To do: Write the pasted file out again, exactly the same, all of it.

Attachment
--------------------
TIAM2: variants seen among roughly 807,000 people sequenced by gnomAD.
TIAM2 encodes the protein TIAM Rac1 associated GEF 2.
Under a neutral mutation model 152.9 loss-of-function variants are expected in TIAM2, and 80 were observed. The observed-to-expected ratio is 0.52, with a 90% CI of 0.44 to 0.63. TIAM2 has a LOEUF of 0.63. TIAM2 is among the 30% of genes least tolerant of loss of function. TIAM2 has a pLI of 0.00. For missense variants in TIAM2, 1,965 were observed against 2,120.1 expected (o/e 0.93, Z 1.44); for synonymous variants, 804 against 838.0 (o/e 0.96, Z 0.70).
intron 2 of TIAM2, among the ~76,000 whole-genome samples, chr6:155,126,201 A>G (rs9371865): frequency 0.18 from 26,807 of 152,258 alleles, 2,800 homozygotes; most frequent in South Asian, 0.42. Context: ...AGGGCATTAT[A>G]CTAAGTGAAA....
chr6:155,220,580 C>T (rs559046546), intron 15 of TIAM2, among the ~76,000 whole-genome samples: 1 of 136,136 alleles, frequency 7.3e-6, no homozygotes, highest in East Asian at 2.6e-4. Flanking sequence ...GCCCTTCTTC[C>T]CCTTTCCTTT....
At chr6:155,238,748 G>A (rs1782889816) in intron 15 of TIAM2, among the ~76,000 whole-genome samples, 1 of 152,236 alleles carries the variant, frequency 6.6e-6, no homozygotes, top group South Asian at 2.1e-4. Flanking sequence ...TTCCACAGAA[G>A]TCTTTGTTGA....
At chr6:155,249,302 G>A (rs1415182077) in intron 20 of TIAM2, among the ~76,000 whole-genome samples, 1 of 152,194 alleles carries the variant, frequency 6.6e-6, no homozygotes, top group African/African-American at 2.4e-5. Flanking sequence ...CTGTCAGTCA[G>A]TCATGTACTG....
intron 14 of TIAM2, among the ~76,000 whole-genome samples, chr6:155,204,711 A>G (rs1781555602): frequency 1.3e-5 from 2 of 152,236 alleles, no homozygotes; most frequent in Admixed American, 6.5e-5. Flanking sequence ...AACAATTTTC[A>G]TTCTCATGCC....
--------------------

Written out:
TIAM2: variants seen among roughly 807,000 people sequenced by gnomAD.
TIAM2 encodes the protein TIAM Rac1 associated GEF 2.
Under a neutral mutation model 152.9 loss-of-function variants are expected in TIAM2, and 80 were observed. The observed-to-expected ratio is 0.52, with a 90% CI of 0.44 to 0.63. TIAM2 has a LOEUF of 0.63. TIAM2 is among the 30% of genes least tolerant of loss of function. TIAM2 has a pLI of 0.00. For missense variants in TIAM2, 1,965 were observed against 2,120.1 expected (o/e 0.93, Z 1.44); for synonymous variants, 804 against 838.0 (o/e 0.96, Z 0.70).
intron 2 of TIAM2, among the ~76,000 whole-genome samples, chr6:155,126,201 A>G (rs9371865): frequency 0.18 from 26,807 of 152,258 alleles, 2,800 homozygotes; most frequent in South Asian, 0.42. Context: ...AGGGCATTAT[A>G]CTAAGTGAAA....
chr6:155,220,580 C>T (rs559046546), intron 15 of TIAM2, among the ~76,000 whole-genome samples: 1 of 136,136 alleles, frequency 7.3e-6, no homozygotes, highest in East Asian at 2.6e-4. Flanking sequence ...GCCCTTCTTC[C>T]CCTTTCCTTT....
At chr6:155,238,748 G>A (rs1782889816) in intron 15 of TIAM2, among the ~76,000 whole-genome samples, 1 of 152,236 alleles carries the variant, frequency 6.6e-6, no homozygotes, top group South Asian at 2.1e-4. Flanking sequence ...TTCCACAGAA[G>A]TCTTTGTTGA....
At chr6:155,249,302 G>A (rs1415182077) in intron 20 of TIAM2, among the ~76,000 whole-genome samples, 1 of 152,194 alleles carries the variant, frequency 6.6e-6, no homozygotes, top group African/African-American at 2.4e-5. Flanking sequence ...CTGTCAGTCA[G>A]TCATGTACTG....
intron 14 of TIAM2, among the ~76,000 whole-genome samples, chr6:155,204,711 A>G (rs1781555602): frequency 1.3e-5 from 2 of 152,236 alleles, no homozygotes; most frequent in Admixed American, 6.5e-5. Flanking sequence ...AACAATTTTC[A>G]TTCTCATGCC....